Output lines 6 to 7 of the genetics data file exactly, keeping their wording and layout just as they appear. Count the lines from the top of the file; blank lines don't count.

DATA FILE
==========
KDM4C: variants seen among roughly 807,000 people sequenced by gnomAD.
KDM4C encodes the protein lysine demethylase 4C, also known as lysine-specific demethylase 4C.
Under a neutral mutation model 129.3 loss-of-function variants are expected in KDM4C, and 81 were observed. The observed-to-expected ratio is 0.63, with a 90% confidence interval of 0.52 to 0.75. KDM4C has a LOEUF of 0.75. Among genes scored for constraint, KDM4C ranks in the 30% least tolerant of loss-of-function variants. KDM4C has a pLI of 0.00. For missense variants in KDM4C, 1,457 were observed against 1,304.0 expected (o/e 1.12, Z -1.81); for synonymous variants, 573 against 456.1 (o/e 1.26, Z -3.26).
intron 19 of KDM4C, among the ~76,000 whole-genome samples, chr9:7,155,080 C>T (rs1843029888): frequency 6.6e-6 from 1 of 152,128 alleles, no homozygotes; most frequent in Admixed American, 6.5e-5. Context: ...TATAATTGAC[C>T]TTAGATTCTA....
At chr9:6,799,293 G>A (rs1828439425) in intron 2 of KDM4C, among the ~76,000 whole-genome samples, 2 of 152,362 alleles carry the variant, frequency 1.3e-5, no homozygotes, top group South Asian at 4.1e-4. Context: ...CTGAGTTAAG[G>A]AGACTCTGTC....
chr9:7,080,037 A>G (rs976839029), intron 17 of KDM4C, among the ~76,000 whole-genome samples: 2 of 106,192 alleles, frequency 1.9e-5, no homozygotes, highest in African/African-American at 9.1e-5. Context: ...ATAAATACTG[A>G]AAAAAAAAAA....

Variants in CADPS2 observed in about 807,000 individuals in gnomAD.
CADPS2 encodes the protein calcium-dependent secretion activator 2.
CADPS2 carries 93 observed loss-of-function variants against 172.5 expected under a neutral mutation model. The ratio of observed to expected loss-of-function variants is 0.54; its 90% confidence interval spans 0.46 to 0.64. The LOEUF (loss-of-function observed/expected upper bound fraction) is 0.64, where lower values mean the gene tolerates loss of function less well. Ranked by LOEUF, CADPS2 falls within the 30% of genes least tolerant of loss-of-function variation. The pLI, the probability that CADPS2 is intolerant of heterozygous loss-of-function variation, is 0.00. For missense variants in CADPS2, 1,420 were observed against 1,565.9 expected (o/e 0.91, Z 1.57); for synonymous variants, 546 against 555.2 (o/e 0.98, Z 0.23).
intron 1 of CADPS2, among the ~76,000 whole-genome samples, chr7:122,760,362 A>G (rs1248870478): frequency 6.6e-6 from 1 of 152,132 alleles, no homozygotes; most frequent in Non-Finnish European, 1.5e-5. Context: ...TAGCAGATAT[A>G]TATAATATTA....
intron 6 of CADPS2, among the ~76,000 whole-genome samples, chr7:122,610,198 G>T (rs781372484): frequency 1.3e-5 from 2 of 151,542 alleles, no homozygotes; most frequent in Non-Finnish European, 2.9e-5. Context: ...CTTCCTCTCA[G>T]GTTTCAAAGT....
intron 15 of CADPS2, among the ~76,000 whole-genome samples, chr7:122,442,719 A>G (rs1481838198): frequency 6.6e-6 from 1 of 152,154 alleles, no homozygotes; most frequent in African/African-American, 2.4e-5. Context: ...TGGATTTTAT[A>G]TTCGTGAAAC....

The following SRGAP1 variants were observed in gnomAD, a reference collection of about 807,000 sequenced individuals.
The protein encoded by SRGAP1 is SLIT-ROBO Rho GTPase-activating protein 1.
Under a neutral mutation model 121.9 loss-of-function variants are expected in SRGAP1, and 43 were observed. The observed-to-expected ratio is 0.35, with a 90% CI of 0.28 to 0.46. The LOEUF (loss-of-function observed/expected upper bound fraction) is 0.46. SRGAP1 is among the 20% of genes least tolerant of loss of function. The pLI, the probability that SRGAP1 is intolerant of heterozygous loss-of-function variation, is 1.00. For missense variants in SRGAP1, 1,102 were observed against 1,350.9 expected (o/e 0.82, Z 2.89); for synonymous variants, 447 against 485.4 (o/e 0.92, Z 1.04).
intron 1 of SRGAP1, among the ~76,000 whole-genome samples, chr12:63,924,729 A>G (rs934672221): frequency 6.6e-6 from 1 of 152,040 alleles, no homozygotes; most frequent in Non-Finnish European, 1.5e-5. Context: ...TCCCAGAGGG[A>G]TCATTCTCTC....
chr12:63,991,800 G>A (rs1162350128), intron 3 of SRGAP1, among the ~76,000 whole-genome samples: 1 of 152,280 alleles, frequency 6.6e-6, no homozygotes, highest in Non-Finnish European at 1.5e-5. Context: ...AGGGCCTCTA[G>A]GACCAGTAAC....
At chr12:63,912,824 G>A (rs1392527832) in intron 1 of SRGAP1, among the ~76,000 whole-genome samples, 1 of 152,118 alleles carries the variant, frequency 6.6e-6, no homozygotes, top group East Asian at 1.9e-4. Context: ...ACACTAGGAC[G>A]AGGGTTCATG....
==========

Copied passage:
chr9:7,080,037 A>G (rs976839029), intron 17 of KDM4C, among the ~76,000 whole-genome samples: 2 of 106,192 alleles, frequency 1.9e-5, no homozygotes, highest in African/African-American at 9.1e-5. Context: ...ATAAATACTG[A>G]AAAAAAAAAA....

Variants in CADPS2 observed in about 807,000 individuals in gnomAD.